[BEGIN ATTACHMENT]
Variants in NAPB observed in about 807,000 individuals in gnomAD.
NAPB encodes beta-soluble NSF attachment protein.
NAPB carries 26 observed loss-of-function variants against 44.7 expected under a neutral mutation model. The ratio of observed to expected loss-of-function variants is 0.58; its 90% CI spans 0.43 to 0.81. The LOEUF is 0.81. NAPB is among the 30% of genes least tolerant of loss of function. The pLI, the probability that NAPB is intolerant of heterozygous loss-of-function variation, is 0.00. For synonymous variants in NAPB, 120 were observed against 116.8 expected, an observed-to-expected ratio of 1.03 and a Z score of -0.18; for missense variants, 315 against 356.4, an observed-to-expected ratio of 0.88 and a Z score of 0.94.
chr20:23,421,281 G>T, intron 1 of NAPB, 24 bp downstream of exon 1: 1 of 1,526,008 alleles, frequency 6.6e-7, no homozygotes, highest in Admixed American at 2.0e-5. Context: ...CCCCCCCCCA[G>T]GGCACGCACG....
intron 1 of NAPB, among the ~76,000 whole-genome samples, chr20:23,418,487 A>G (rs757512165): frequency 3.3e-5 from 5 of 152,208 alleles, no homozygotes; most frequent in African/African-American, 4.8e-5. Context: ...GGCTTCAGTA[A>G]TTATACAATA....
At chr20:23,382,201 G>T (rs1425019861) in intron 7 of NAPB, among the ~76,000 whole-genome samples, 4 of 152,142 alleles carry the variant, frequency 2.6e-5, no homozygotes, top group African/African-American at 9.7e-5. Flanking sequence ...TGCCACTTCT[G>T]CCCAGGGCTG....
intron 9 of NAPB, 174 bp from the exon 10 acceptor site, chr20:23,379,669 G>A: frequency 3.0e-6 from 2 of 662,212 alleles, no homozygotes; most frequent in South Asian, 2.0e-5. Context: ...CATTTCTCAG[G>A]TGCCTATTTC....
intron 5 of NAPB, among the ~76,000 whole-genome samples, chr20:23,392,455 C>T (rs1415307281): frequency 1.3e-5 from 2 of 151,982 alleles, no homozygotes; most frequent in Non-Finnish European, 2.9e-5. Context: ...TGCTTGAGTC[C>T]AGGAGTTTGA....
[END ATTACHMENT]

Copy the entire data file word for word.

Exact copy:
Variants in NAPB observed in about 807,000 individuals in gnomAD.
NAPB encodes beta-soluble NSF attachment protein.
NAPB carries 26 observed loss-of-function variants against 44.7 expected under a neutral mutation model. The ratio of observed to expected loss-of-function variants is 0.58; its 90% CI spans 0.43 to 0.81. The LOEUF is 0.81. NAPB is among the 30% of genes least tolerant of loss of function. The pLI, the probability that NAPB is intolerant of heterozygous loss-of-function variation, is 0.00. For synonymous variants in NAPB, 120 were observed against 116.8 expected, an observed-to-expected ratio of 1.03 and a Z score of -0.18; for missense variants, 315 against 356.4, an observed-to-expected ratio of 0.88 and a Z score of 0.94.
chr20:23,421,281 G>T, intron 1 of NAPB, 24 bp downstream of exon 1: 1 of 1,526,008 alleles, frequency 6.6e-7, no homozygotes, highest in Admixed American at 2.0e-5. Context: ...CCCCCCCCCA[G>T]GGCACGCACG....
intron 1 of NAPB, among the ~76,000 whole-genome samples, chr20:23,418,487 A>G (rs757512165): frequency 3.3e-5 from 5 of 152,208 alleles, no homozygotes; most frequent in African/African-American, 4.8e-5. Context: ...GGCTTCAGTA[A>G]TTATACAATA....
At chr20:23,382,201 G>T (rs1425019861) in intron 7 of NAPB, among the ~76,000 whole-genome samples, 4 of 152,142 alleles carry the variant, frequency 2.6e-5, no homozygotes, top group African/African-American at 9.7e-5. Flanking sequence ...TGCCACTTCT[G>T]CCCAGGGCTG....
intron 9 of NAPB, 174 bp from the exon 10 acceptor site, chr20:23,379,669 G>A: frequency 3.0e-6 from 2 of 662,212 alleles, no homozygotes; most frequent in South Asian, 2.0e-5. Context: ...CATTTCTCAG[G>A]TGCCTATTTC....
intron 5 of NAPB, among the ~76,000 whole-genome samples, chr20:23,392,455 C>T (rs1415307281): frequency 1.3e-5 from 2 of 151,982 alleles, no homozygotes; most frequent in Non-Finnish European, 2.9e-5. Context: ...TGCTTGAGTC[C>T]AGGAGTTTGA....